2 Answers

Yes. To what degree is the real question.

It is important to keep in mind that your children regardless of height or age, are still yours. You love them and very much want to see them do well and experience joy in this case, the happiness associated with being accepted into college. At the same time, come September, they will likely be on their own when trying to navigate not only their course load but, the registration process, roommates, meeting with instructors, without mom or dad being there to help them.

I would absolutely encourage you to assist your child with the college search and application process only be sure to limit the questions, limit the conversations, limit the input allowing them to make their final decisions. Having a conversation with a student about college is perfectly fine but some individuals will seek to have "a talk" every night, every other night, at breakfast, when a student returns home after the school day. Setting up specific times, appointments if you will, when both you and your child can come together to talk about college and where they are in the process is an outstanding idea. Setting aside a specific time frame helps students not to be fearful that at every bend, there will be a question, a little more input, etc.  Using this type of format does not mean that as a parent you can not/should not be asking questions or trying to move them along in the process but very often when a set time is used, students are a bit more relaxed and come to their "appointment" more ready to share.

When it comes times to finalize a college list, parental input regarding tuition, distance, environment are all areas that you definitely need to have your input considered but when you visit a campus, let your child lead you. Let your child who is really now a young adult, decide if one school stays on their list or is taken off.

We need to remember that when in college, the teen is the one living on campus attending the classes. Although we all know what is best for our own children some times, some times they know better what is right for them.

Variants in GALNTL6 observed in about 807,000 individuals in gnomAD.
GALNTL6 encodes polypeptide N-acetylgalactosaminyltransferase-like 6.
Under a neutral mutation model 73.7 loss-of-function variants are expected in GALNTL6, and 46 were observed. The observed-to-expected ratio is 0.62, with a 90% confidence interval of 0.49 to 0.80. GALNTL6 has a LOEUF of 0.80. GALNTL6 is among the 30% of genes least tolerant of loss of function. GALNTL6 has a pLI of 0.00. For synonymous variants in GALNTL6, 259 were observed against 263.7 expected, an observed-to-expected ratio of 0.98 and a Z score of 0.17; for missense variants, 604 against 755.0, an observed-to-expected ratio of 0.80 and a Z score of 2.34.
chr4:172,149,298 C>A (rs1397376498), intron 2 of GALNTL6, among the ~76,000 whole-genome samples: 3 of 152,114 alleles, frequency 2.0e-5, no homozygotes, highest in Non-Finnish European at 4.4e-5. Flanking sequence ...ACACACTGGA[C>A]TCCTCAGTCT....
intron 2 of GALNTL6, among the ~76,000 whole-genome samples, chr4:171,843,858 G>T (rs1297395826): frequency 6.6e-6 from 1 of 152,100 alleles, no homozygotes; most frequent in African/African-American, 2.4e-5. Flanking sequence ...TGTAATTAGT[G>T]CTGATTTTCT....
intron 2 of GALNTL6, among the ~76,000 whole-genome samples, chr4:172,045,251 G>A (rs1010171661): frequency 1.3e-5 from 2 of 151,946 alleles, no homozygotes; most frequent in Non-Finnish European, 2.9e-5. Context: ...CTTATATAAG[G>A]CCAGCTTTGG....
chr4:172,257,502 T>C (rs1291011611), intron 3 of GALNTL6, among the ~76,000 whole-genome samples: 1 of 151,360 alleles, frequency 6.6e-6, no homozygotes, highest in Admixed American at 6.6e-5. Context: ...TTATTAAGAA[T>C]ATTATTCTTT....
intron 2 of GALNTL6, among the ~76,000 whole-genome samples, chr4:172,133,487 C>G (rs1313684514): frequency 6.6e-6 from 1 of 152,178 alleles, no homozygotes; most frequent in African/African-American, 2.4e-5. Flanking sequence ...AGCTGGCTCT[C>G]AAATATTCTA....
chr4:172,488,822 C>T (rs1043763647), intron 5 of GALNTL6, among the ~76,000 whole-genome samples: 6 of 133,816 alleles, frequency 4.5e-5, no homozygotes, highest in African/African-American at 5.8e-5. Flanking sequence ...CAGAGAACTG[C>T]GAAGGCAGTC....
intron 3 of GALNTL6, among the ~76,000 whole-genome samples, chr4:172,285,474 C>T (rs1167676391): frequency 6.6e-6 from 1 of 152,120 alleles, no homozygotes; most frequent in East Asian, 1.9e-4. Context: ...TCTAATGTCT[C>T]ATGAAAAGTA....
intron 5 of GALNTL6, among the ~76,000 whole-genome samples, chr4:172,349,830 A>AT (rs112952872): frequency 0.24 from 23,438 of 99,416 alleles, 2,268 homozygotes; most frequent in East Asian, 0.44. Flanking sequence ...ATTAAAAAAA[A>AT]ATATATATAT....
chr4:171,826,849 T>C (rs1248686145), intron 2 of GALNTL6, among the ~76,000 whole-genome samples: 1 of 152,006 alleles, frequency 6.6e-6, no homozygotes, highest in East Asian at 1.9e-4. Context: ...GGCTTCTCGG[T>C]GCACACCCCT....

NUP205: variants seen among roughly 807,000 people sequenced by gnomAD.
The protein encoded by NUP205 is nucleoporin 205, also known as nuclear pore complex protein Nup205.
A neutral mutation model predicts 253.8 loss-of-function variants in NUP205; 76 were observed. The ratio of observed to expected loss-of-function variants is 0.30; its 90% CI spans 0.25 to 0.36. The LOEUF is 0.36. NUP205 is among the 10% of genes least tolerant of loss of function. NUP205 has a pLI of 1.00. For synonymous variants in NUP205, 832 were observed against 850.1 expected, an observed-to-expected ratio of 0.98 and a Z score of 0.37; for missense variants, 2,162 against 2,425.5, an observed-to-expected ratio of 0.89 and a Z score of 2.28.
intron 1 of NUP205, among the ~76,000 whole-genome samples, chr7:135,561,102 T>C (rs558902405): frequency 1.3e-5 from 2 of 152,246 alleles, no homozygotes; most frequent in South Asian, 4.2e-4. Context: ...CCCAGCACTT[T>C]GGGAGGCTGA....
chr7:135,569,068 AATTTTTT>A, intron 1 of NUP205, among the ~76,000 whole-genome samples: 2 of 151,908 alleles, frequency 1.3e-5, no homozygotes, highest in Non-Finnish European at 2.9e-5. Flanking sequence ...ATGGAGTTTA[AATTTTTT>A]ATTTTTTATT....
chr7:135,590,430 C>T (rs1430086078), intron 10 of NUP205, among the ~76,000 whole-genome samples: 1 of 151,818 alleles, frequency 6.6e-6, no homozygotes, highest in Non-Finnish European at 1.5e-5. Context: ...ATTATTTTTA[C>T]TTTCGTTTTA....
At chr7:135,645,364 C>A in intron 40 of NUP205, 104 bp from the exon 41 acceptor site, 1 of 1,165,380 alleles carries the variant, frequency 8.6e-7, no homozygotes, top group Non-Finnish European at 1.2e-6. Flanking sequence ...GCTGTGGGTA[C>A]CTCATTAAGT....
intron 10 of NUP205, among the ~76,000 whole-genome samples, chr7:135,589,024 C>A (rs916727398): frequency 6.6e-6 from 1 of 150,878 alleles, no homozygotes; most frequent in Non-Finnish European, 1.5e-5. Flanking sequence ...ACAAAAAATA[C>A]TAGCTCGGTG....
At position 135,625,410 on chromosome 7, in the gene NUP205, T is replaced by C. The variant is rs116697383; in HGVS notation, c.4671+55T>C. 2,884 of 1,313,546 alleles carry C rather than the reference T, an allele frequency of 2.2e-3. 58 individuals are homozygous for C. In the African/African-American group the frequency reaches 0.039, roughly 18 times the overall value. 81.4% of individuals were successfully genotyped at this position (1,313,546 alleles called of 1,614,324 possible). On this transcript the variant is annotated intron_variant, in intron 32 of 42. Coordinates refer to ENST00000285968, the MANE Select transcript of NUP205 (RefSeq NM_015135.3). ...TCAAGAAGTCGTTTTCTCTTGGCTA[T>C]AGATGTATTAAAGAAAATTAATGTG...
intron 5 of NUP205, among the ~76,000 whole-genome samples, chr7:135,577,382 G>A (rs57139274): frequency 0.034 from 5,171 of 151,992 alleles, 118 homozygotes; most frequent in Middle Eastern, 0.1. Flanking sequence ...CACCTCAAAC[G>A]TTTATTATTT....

It is such a fine line to walk as a parent with a child that is a junior or senior in high school. If they become annoyed, step back and think about how often you are trying to speak to them about their future. Often they will become overwhelmed but if you keep your "appointments" to maybe once a week, you may find your child actually coming to your more often not waiting for the set time. Please note here that it is they that will come to you, instead of you going to them, which is generally speaking, when they start to get annoyed.

Let's all remember we were 16 and 17 at one time. Life will balance out. Let's just walk these two years slowly, together.

Good Luck!

Jon Semcer Points3610
Being involved depends on the how the parent views their son/ daughter. Is the child organized, do they meet deadlines, can they work independently , how motivated are they in applying to college and can they present work that is neat and they have followed directions? If the answer to any of the above questions is no, then the parent needs to take a role. The parent may set aside 10 minutes each day to discuss with their son/ daughter the progress of the applications, how much work they have left, did they meet with their counselor, are they on task with certain applications. Call the counselor to review what is being done-- ask the counselor to call you if the student is falling off. You want to be a guide, a gentle reminder, and a supportive voice . Do not take over the application process. Do not complete the applications yourself. Help your son/ daughter to get organized , encourage them and know your high school's guidance department process for mailing apps/ transcripts. Ask family and friends not to ask college questions of your son/ daughter. For example ,"So, what schools are applying to next year?", or " Tell me how the application process is going." No college talk at the dinner table -- that is time for talking about anything but college ( an up coming vacation, a movie you saw ). No college talk during the holidays. No college talk in front of your son/ daughter with your friends.. Remember, they are applying not you --- a favor answer from some parents to the question of where their son/daughter is applying is " Well, we are applying to..........." If your son/ daughter is the first type of individual mentioned in the open paragraph you still need to take an interest but perhaps not as closely as the student who needs more supervision. The same limits would apply about 'no college talk". Be aware of deadlines, talk with you counselor , and by all means check in with your son/ daughter on the application process. It is a thin line that parents walk between over involvement and not enough. Trust your gut feelings , have open lines of communication with your son/ daughter. Applying to college is a huge learning experience for every student -- let them learn themselves, but be there to catch them, dust them off and get them going again. They will live through it and mature because of the experience. Finally, if you have doubts about any part of the process and want reassurances that your son/ daughter is on task call the counselor.

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